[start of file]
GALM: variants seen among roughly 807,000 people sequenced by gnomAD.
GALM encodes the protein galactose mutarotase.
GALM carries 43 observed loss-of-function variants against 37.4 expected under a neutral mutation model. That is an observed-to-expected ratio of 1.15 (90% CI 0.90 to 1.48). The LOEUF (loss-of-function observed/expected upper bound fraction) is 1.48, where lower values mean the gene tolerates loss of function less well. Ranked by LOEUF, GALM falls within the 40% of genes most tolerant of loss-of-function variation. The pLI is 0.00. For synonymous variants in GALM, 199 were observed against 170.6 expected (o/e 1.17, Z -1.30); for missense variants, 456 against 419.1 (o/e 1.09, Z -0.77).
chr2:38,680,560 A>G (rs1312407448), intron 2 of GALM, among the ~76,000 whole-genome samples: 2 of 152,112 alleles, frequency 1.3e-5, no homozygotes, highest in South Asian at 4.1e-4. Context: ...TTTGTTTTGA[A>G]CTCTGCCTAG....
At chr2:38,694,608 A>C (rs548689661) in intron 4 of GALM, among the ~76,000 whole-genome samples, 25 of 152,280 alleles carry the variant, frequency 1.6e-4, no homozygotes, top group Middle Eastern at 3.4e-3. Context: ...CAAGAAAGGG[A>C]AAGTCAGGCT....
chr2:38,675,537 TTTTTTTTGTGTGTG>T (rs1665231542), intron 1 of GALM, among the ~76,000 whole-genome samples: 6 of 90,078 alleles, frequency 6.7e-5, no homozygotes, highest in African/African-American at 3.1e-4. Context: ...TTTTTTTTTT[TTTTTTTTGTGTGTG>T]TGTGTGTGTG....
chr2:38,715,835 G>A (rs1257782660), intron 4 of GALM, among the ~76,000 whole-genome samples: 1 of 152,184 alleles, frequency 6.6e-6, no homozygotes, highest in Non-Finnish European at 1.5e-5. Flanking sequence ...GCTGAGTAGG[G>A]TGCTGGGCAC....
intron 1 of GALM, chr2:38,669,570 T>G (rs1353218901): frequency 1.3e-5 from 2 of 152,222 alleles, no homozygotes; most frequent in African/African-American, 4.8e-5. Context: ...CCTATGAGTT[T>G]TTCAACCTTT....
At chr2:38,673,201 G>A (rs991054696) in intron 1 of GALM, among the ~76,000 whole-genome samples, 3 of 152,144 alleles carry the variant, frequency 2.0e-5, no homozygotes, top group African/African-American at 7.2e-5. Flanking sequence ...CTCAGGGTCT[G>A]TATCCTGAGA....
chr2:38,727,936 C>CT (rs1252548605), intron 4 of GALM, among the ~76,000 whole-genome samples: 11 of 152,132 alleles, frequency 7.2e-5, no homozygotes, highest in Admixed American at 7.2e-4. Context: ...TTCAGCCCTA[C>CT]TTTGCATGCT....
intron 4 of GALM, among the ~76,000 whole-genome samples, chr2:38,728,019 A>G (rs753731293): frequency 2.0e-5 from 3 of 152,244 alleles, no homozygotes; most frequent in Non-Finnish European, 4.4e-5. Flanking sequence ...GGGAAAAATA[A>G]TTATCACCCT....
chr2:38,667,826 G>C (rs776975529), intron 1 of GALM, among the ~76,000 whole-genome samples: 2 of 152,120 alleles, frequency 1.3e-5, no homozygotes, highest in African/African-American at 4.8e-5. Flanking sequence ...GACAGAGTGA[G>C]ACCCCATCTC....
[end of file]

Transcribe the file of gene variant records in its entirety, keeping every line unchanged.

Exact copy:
GALM: variants seen among roughly 807,000 people sequenced by gnomAD.
GALM encodes the protein galactose mutarotase.
GALM carries 43 observed loss-of-function variants against 37.4 expected under a neutral mutation model. That is an observed-to-expected ratio of 1.15 (90% CI 0.90 to 1.48). The LOEUF (loss-of-function observed/expected upper bound fraction) is 1.48, where lower values mean the gene tolerates loss of function less well. Ranked by LOEUF, GALM falls within the 40% of genes most tolerant of loss-of-function variation. The pLI is 0.00. For synonymous variants in GALM, 199 were observed against 170.6 expected (o/e 1.17, Z -1.30); for missense variants, 456 against 419.1 (o/e 1.09, Z -0.77).
chr2:38,680,560 A>G (rs1312407448), intron 2 of GALM, among the ~76,000 whole-genome samples: 2 of 152,112 alleles, frequency 1.3e-5, no homozygotes, highest in South Asian at 4.1e-4. Context: ...TTTGTTTTGA[A>G]CTCTGCCTAG....
At chr2:38,694,608 A>C (rs548689661) in intron 4 of GALM, among the ~76,000 whole-genome samples, 25 of 152,280 alleles carry the variant, frequency 1.6e-4, no homozygotes, top group Middle Eastern at 3.4e-3. Context: ...CAAGAAAGGG[A>C]AAGTCAGGCT....
chr2:38,675,537 TTTTTTTTGTGTGTG>T (rs1665231542), intron 1 of GALM, among the ~76,000 whole-genome samples: 6 of 90,078 alleles, frequency 6.7e-5, no homozygotes, highest in African/African-American at 3.1e-4. Context: ...TTTTTTTTTT[TTTTTTTTGTGTGTG>T]TGTGTGTGTG....
chr2:38,715,835 G>A (rs1257782660), intron 4 of GALM, among the ~76,000 whole-genome samples: 1 of 152,184 alleles, frequency 6.6e-6, no homozygotes, highest in Non-Finnish European at 1.5e-5. Flanking sequence ...GCTGAGTAGG[G>A]TGCTGGGCAC....
intron 1 of GALM, chr2:38,669,570 T>G (rs1353218901): frequency 1.3e-5 from 2 of 152,222 alleles, no homozygotes; most frequent in African/African-American, 4.8e-5. Context: ...CCTATGAGTT[T>G]TTCAACCTTT....
At chr2:38,673,201 G>A (rs991054696) in intron 1 of GALM, among the ~76,000 whole-genome samples, 3 of 152,144 alleles carry the variant, frequency 2.0e-5, no homozygotes, top group African/African-American at 7.2e-5. Flanking sequence ...CTCAGGGTCT[G>A]TATCCTGAGA....
chr2:38,727,936 C>CT (rs1252548605), intron 4 of GALM, among the ~76,000 whole-genome samples: 11 of 152,132 alleles, frequency 7.2e-5, no homozygotes, highest in Admixed American at 7.2e-4. Context: ...TTCAGCCCTA[C>CT]TTTGCATGCT....
intron 4 of GALM, among the ~76,000 whole-genome samples, chr2:38,728,019 A>G (rs753731293): frequency 2.0e-5 from 3 of 152,244 alleles, no homozygotes; most frequent in Non-Finnish European, 4.4e-5. Flanking sequence ...GGGAAAAATA[A>G]TTATCACCCT....
chr2:38,667,826 G>C (rs776975529), intron 1 of GALM, among the ~76,000 whole-genome samples: 2 of 152,120 alleles, frequency 1.3e-5, no homozygotes, highest in African/African-American at 4.8e-5. Flanking sequence ...GACAGAGTGA[G>C]ACCCCATCTC....